Algèria flag Algèria: Visió econòmica i política

El context econòmic d'Algèria

Economic Indicators

For the latest updates on the key economic responses from governments to address the economic impact of the COVID-19 pandemic, please consult the IMF's policy tracking platform Policy Responses to COVID-19.

The Algerian economy is mainly driven by hydrocarbons and public investment. Hydrocarbons account for 40% of GDP, 94% of exports and one third of fiscal revenues. Algeria’s economic growth was already weakened by the negative trend in hydrocarbon production and prices, the lack of economic diversification and political uncertainty before the outbreak of COVID-19 pandemic. In 2020, GDP contracted by an estimated -4.9% (IMF), hit by the additional shock of the health crisis. Higher oil prices and strong European demand for gas supported the recovery in 2021. According to IMF estimates, GDP growth rebounded to 3.4% in 2021, and is expected to slow down to 1.9% in 2022 and 1.7% in 2023. Tougher base effect and tighter fiscal policy explain this slower activity (Focus Economics). Oil prices volatility, the apparition of new virus variants and social and geopolitical tensions are the main downside risks to the outlook (IMF).

Algeria’s economy was hardly hit by the combined effect of declining hydrocarbon revenues and the COVID-19 pandemic. It started to recover in 2021 thanks to the relaxation of containment measures and a rebound in hydrocarbon prices and production, but the crisis has increased Algeria’s ongoing economic vulnerabilities. Continued large fiscal and external current account deficits have reduced policy space as public debt increased significantly and international reserves declined (IMF). Budget deficit reached an estimated -11.8% GDP in 2021, and is forecast to remain at that high level in 2022 (IMF). Public debt is soaring, estimated at 58.5% GDP in 2021, 63.2% GDP in 2022 and 68.2% GDP in 2023 (IMF). Algeria’s external debt level is at low levels but could increase in the event of adverse shocks or increased fiscal deficits (Euler Hermes). International reserves are depleted. At the end of 2021, foreign exchange reserves stood at USD 43 billion, covering around 11 months of imports. The IMF is expecting a continued depletion of international reserves to USD 12 billion (only 3 months of import coverage) by 2026 (Euler Hermes). Inflationary pressures have intensified since the end of 2020 due to higher international food prices and an episode of drought. Estimated at 6.5% in 2021, it is forecast to increase to 7.6% in 2022 and to decrease slightly to 6.3% in 2023 (IMF). The authorities are following a gradual and sustained fiscal consolidation, adjusted to the evolution of the pandemic and to domestic economic conditions. The new Government Action Plan comprises a wide range of reforms to support the transition towards a more diversified and sustainable economy and bolster governance and social cohesion. The country is looking for ways to reduce its dependence on gas for power generation by investing in solar energy.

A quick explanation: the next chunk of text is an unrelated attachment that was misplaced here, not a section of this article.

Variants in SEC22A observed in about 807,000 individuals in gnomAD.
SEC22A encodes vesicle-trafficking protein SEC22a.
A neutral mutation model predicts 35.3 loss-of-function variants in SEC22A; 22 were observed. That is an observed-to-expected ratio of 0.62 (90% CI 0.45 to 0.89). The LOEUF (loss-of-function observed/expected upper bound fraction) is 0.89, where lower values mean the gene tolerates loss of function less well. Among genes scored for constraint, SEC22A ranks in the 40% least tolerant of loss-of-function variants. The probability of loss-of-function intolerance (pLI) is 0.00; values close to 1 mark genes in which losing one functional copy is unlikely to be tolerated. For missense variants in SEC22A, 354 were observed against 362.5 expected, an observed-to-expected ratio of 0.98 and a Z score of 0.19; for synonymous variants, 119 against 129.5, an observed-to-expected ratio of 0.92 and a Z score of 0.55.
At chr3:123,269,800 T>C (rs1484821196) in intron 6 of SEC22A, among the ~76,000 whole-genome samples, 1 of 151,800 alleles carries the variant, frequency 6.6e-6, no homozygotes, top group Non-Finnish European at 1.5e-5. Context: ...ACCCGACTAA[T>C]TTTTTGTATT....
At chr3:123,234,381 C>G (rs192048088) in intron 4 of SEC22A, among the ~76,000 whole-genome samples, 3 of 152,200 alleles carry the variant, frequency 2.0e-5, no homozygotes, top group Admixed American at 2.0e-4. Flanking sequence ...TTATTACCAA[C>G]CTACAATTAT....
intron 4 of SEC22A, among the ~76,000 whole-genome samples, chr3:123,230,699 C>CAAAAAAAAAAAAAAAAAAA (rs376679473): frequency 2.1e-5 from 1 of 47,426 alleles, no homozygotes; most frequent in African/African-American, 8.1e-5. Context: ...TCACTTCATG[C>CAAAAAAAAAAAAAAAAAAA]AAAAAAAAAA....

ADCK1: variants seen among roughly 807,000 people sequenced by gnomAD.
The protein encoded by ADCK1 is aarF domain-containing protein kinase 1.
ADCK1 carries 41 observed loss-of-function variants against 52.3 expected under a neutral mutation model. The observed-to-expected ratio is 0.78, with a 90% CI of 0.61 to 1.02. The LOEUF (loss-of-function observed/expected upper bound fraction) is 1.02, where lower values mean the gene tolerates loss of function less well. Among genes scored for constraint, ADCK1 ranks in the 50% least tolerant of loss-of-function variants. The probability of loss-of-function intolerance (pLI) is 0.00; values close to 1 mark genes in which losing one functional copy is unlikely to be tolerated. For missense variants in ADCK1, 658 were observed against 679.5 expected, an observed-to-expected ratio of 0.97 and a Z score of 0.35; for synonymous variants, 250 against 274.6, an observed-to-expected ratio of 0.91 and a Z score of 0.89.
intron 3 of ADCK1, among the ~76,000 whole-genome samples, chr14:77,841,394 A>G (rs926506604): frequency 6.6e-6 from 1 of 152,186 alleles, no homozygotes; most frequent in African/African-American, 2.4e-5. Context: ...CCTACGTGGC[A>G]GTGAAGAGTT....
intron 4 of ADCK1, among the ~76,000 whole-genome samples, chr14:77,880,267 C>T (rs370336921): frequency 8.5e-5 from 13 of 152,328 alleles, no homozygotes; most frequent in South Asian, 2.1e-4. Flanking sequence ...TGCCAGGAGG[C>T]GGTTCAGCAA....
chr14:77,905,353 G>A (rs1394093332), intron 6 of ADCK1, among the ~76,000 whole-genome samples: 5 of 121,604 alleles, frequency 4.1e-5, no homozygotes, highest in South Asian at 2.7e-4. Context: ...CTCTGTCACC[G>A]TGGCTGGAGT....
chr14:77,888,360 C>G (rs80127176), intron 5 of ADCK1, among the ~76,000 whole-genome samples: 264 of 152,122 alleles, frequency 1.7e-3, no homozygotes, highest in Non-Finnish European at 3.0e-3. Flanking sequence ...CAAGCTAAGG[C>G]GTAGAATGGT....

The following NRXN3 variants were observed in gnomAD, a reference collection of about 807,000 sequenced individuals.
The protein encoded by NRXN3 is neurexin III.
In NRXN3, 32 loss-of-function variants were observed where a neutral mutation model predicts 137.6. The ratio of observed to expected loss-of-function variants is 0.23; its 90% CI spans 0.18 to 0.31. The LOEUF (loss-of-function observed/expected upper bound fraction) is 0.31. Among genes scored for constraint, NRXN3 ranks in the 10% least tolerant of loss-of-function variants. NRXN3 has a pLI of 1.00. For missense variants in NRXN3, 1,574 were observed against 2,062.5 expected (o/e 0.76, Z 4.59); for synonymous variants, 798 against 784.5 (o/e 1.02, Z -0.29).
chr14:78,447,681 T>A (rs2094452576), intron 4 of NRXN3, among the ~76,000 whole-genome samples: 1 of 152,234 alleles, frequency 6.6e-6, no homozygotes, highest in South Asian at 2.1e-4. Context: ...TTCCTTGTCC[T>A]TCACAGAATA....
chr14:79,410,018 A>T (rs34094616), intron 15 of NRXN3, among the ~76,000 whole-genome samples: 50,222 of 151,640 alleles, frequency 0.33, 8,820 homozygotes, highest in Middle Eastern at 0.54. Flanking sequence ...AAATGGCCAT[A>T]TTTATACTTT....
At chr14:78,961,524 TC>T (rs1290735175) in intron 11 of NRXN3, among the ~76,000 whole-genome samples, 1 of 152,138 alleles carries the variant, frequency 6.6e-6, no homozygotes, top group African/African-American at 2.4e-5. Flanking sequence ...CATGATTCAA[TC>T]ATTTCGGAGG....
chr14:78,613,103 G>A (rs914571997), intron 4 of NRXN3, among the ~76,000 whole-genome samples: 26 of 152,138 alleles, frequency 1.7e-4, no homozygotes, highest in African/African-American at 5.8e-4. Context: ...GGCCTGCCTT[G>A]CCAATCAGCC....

According to IMF estimates, unemployment hit 14.1% of the population in 2021, and will further increase to 14.7% in 2022 and 15.5% in 2023. Employment and purchasing power deteriorated drastically since the Covid-19 crisis. According to the World Bank, unemployment is highest among youth, women and graduates due to skills mismatch in the labour market. There are also big differences between living conditions in cities and rural areas. Instability caused by radical groups on Algeria's borders remains a risk factor.

Main Indicators 202020212022 (e)2023 (e)2024 (e)
GDP (billions USD) 144.92162.71187.16190.25196.62
GDP (Constant Prices, Annual % Change) -5.13.5e4.72.62.0
GDP per Capita (USD) 3e3e444
General Government Gross Debt (in % of GDP) 52.363.062.770.375.6
Inflation Rate (%)
Unemployment Rate (% of the Labour Force)
Current Account (billions USD) -18.71-4.6111.621.08-3.53